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Eli Lilly spikes after FDA approves label change for diabetes drug to reduce cardiovascular death

FDA: Eli Lilly drug reduces cardiovascular death

Eli Lilly shares climbed amid a volume spike after the Food and Drug Administration approved a label change for a diabetes drug the company markets with German pharmaceutical company Boehringer Ingelheim.

The stock gained more than 2 percent as more than 12.2 million shares changed hands, well above its 30-day average volume of 6.9 million shares.

Jardiance had already been approved in 2014 for lowering blood sugar in adults with type 2 diabetes, but the FDA said that the drug was also "shown to reduce the risk of cardiovascular death."

Source: FactSet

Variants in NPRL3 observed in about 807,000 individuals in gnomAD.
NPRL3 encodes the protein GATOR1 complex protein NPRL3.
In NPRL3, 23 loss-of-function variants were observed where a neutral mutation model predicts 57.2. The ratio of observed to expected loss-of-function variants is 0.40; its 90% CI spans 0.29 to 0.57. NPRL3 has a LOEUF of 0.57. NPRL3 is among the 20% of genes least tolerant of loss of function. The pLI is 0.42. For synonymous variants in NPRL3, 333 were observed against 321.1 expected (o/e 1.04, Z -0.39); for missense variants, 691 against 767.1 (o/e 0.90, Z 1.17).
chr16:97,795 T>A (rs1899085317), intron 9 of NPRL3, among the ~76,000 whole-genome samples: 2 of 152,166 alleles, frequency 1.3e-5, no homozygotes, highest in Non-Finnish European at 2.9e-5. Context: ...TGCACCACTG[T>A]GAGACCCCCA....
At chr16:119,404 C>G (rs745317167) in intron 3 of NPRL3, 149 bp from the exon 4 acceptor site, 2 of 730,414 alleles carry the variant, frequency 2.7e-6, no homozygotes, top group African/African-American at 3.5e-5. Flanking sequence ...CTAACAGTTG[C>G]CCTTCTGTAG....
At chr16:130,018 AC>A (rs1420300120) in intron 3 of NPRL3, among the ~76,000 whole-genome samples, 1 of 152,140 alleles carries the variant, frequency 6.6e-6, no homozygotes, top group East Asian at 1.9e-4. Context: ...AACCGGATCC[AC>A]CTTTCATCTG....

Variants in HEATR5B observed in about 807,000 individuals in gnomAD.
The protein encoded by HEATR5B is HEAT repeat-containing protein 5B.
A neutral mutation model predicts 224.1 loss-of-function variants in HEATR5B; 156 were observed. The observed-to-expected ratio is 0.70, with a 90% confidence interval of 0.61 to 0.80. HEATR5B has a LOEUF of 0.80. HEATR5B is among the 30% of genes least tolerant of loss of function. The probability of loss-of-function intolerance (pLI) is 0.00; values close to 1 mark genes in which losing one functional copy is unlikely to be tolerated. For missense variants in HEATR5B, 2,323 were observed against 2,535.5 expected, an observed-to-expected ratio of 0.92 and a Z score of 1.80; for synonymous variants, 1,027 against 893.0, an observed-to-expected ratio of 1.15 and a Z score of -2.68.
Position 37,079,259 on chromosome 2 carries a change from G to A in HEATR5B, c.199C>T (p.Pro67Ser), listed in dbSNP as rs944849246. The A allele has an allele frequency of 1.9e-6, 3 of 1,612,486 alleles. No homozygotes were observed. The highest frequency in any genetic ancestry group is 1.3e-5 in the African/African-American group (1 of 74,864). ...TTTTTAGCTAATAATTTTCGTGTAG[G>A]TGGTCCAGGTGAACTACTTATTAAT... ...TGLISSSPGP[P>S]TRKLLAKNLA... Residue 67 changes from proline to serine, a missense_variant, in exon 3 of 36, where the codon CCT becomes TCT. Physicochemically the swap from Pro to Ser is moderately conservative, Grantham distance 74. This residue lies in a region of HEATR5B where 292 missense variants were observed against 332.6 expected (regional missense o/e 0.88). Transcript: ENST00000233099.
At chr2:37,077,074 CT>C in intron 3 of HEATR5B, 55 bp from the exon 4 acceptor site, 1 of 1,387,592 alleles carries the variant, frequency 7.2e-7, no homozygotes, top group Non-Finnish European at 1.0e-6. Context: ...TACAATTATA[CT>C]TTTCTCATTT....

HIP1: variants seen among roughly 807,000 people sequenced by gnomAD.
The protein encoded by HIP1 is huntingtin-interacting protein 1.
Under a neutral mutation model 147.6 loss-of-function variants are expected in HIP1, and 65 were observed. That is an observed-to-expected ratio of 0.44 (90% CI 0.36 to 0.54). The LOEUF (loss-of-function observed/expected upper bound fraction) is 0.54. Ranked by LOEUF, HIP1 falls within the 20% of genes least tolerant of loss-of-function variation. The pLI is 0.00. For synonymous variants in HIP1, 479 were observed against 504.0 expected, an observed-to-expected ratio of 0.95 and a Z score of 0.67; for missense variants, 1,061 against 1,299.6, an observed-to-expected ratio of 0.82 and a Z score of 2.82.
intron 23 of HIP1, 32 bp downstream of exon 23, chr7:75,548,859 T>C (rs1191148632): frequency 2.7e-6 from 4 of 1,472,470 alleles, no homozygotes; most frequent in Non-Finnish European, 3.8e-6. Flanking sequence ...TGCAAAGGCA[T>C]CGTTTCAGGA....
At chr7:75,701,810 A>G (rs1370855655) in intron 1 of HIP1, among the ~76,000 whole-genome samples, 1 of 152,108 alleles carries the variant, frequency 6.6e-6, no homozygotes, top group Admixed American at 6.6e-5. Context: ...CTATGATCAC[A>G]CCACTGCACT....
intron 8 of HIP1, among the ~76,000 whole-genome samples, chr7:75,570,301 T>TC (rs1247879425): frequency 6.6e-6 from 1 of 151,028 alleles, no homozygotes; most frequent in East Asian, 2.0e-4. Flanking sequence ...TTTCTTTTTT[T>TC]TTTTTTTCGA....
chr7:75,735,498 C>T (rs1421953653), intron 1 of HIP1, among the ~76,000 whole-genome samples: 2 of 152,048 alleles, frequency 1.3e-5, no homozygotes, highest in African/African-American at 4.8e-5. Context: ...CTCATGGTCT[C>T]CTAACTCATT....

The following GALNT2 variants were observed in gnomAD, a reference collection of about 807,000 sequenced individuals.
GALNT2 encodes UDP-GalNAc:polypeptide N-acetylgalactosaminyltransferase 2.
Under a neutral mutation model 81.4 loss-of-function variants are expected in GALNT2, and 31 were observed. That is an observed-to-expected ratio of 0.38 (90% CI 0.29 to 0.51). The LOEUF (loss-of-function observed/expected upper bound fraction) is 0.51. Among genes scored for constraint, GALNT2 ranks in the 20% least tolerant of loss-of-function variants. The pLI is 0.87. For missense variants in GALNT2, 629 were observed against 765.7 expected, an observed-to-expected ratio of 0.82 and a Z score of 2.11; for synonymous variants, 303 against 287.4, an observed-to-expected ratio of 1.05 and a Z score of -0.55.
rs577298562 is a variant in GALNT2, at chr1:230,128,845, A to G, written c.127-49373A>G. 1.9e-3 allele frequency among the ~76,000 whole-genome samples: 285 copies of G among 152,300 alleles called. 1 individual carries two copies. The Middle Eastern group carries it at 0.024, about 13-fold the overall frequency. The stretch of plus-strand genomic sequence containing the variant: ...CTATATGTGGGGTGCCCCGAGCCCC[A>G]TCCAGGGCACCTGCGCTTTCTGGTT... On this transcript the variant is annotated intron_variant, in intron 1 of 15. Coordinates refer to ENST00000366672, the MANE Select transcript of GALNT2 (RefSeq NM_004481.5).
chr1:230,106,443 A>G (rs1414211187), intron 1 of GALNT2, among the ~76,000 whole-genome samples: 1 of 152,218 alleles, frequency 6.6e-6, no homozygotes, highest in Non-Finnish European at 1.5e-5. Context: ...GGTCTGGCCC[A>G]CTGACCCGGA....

Risk of cardiovascular death is 70 percent higher in adults with diabetes compared to those without, according to the Centers for Disease Control and Prevention. It is also the leading cause of death among adults with type 2 diabetes, said Jean-Marc Guettier, director of the FDA's Division of Metabolism and Endocrinology Products.

"Availability of antidiabetes therapies that can help people live longer by reducing the risk of cardiovascular death is an important advance for adults with type 2 diabetes," Guettier said in a statement.

Boehringer Ingelheim CEO Paul Fonteyne said in a statement, "This new indication represents a tremendous step forward in our efforts to reduce the impact of cardiovascular disease among adults with type 2 diabetes and established cardiovascular disease."

Even with Friday's gains, Eli Lilly shares have fallen 19 percent this year.

— CNBC's Meg Tirrell contributed to this report.